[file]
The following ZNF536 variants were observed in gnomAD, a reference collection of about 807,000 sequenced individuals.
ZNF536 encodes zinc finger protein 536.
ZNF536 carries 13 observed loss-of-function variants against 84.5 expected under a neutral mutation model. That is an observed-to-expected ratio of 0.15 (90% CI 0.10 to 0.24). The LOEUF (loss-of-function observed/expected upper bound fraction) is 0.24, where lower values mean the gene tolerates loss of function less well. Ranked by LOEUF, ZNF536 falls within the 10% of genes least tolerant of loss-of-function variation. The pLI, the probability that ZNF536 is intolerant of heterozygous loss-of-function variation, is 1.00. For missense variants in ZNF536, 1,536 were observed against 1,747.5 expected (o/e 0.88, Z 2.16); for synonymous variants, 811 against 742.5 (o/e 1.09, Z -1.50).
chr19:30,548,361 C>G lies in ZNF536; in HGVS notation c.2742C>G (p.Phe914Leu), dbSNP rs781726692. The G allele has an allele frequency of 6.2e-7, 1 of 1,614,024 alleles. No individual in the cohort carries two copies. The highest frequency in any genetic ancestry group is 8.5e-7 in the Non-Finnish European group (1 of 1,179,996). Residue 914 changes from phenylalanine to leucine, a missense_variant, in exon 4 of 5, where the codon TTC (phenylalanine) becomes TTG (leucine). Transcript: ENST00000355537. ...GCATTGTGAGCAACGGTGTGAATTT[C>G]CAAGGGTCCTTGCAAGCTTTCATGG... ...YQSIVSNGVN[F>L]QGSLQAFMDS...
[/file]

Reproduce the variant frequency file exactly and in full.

The following ZNF536 variants were observed in gnomAD, a reference collection of about 807,000 sequenced individuals.
ZNF536 encodes zinc finger protein 536.
ZNF536 carries 13 observed loss-of-function variants against 84.5 expected under a neutral mutation model. That is an observed-to-expected ratio of 0.15 (90% CI 0.10 to 0.24). The LOEUF (loss-of-function observed/expected upper bound fraction) is 0.24, where lower values mean the gene tolerates loss of function less well. Ranked by LOEUF, ZNF536 falls within the 10% of genes least tolerant of loss-of-function variation. The pLI, the probability that ZNF536 is intolerant of heterozygous loss-of-function variation, is 1.00. For missense variants in ZNF536, 1,536 were observed against 1,747.5 expected (o/e 0.88, Z 2.16); for synonymous variants, 811 against 742.5 (o/e 1.09, Z -1.50).
chr19:30,548,361 C>G lies in ZNF536; in HGVS notation c.2742C>G (p.Phe914Leu), dbSNP rs781726692. The G allele has an allele frequency of 6.2e-7, 1 of 1,614,024 alleles. No individual in the cohort carries two copies. The highest frequency in any genetic ancestry group is 8.5e-7 in the Non-Finnish European group (1 of 1,179,996). Residue 914 changes from phenylalanine to leucine, a missense_variant, in exon 4 of 5, where the codon TTC (phenylalanine) becomes TTG (leucine). Transcript: ENST00000355537. ...GCATTGTGAGCAACGGTGTGAATTT[C>G]CAAGGGTCCTTGCAAGCTTTCATGG... ...YQSIVSNGVN[F>L]QGSLQAFMDS...